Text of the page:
Families of children with SNI experience a range of stressors, with chief among them being grief.9 As Colson’s mother, I recall the moment we received a handout from the genetic counselor that said mitochondrial disease could be fatal as the worst moment of my life. My first and only child was just 3 weeks old, and I had to face the knowledge that I would likely outlive him. I was worried that my heartbreak, which felt so debilitating, would prevent me from caring for him the way I needed to. Over time, my husband and I learned to organize around a tenant of pediatric palliative care we obtained from Courageous Parents Network,10 a nonprofit organization that provides education and support to parents and clinicians caring for children with serious illness: “the better the before, the better the after.” We had many touchpoints with clinicians that reinforced the “better” aspects of Colson’s life and care, while simultaneously preparing us for the “after” that occurred when Colson died.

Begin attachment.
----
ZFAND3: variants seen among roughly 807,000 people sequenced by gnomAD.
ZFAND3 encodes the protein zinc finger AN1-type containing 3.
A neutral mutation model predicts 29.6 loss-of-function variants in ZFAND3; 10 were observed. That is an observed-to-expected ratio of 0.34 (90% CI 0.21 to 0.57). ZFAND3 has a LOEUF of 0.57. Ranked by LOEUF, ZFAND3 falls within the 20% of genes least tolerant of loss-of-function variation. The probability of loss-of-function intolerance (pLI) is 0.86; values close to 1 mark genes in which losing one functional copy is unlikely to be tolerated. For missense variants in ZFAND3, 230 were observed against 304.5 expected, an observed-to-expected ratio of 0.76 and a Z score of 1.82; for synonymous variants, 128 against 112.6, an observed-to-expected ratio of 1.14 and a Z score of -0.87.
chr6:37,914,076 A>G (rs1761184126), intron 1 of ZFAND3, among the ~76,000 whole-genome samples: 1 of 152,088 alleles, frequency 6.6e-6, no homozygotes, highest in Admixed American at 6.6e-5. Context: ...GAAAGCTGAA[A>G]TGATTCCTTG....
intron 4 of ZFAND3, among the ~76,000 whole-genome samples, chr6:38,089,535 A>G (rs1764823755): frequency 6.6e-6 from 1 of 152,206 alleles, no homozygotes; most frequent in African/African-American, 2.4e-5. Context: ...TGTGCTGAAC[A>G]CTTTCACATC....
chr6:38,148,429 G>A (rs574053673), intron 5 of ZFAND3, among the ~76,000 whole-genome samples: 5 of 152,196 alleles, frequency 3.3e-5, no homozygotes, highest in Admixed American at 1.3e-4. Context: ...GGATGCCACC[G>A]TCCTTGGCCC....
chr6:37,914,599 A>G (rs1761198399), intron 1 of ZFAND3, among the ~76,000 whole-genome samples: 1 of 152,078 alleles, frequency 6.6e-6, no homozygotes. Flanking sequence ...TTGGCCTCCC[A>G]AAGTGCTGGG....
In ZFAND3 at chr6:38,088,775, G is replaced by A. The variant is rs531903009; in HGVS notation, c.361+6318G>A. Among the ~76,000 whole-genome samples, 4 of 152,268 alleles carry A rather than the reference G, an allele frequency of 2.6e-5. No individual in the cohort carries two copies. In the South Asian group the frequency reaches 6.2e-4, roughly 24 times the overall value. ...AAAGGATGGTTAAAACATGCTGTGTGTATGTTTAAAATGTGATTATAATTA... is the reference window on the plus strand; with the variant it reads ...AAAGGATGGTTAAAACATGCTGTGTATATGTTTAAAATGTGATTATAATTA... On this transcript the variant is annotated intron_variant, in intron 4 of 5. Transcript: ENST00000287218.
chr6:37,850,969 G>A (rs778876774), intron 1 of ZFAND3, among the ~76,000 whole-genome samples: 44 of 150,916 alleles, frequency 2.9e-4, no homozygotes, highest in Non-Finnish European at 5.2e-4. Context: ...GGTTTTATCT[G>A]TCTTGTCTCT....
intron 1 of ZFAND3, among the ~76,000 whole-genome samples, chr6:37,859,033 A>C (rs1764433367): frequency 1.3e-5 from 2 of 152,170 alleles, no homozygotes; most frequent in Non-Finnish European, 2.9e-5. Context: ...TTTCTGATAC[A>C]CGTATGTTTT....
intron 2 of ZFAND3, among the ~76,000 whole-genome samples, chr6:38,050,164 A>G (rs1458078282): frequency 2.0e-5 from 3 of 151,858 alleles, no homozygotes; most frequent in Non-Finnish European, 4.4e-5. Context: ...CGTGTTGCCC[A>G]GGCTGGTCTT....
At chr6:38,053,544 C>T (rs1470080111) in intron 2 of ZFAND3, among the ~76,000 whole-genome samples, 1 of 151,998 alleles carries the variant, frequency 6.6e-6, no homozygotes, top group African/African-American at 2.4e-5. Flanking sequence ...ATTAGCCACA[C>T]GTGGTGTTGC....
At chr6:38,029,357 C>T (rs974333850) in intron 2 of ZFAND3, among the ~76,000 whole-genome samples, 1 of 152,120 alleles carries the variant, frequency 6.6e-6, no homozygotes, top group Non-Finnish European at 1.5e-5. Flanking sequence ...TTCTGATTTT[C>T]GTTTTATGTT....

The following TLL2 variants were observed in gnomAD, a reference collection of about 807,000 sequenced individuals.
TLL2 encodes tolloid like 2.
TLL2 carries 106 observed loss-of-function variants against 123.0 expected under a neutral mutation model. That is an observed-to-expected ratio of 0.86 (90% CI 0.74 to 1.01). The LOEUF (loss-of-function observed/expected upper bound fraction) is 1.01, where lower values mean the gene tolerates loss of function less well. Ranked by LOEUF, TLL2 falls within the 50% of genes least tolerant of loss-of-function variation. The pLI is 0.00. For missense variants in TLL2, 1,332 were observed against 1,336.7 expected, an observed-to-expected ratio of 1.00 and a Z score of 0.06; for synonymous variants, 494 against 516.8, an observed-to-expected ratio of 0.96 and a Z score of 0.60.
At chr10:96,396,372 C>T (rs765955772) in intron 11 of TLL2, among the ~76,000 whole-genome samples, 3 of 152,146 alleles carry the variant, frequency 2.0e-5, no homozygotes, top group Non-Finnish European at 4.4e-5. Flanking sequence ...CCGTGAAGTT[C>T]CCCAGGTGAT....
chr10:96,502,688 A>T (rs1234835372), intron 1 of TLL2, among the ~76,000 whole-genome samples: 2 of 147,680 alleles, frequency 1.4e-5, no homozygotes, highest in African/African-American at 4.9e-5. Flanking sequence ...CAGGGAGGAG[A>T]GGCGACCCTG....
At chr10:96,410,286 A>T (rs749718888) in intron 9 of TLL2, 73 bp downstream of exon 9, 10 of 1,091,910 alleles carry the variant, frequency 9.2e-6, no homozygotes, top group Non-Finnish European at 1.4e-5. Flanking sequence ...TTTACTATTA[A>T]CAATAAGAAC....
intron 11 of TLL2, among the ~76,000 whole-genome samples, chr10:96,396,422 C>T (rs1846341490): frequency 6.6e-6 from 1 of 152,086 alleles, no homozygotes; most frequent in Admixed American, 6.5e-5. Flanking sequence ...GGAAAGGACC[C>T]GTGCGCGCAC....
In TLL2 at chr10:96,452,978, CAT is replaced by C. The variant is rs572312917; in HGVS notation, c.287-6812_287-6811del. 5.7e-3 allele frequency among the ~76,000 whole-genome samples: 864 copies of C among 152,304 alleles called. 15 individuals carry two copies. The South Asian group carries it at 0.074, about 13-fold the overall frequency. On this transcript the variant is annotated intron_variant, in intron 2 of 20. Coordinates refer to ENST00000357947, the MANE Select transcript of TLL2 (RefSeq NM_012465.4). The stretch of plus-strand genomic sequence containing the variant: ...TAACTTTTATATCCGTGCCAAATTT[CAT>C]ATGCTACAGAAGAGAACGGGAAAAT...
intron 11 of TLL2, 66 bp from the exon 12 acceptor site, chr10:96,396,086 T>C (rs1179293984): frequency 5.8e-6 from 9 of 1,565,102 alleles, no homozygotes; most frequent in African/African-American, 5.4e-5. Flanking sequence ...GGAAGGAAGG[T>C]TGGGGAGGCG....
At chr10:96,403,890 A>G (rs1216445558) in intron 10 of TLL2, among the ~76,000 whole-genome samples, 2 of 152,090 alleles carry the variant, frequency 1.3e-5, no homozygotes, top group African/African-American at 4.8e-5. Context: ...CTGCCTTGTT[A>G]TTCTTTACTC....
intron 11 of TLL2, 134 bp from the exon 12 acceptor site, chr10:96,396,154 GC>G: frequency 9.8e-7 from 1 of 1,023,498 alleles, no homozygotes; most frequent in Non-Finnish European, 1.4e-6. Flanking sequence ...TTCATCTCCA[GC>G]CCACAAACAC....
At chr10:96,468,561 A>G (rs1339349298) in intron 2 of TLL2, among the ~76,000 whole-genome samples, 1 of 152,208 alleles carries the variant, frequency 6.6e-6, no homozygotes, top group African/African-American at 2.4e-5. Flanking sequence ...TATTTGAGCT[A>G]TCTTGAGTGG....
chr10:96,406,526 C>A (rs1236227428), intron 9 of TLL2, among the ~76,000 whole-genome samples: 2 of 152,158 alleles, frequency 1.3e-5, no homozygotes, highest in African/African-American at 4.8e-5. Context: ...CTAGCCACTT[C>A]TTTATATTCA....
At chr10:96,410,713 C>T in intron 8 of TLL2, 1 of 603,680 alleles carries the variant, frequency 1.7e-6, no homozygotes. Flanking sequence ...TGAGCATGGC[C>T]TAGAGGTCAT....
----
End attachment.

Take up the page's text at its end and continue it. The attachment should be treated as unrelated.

Outpatient clinic documentation that brought attention to positive experiences since Colson’s last visit, while also addressing his medical status, was one source of meaningful input for our family. His medical “home” in biochemical genetics provided comprehensive physical and social evaluation and related documentation every 6 months. His father and I looked forward to reading these visit summaries because they reinforced Colson’s relative stability at home and the positive outcomes of our caregiving. For example, his clinician noted things such as the delivery of Colson’s adaptive seating and that he felt comfortable in it; the completion of his first individualized education plan with the local school district; and Colson’s positive relationship with his grandparents. Identifying what was going well highlighted Colson’s strengths and those of our family and counterbalanced my grief about the limitations in Colson’s life.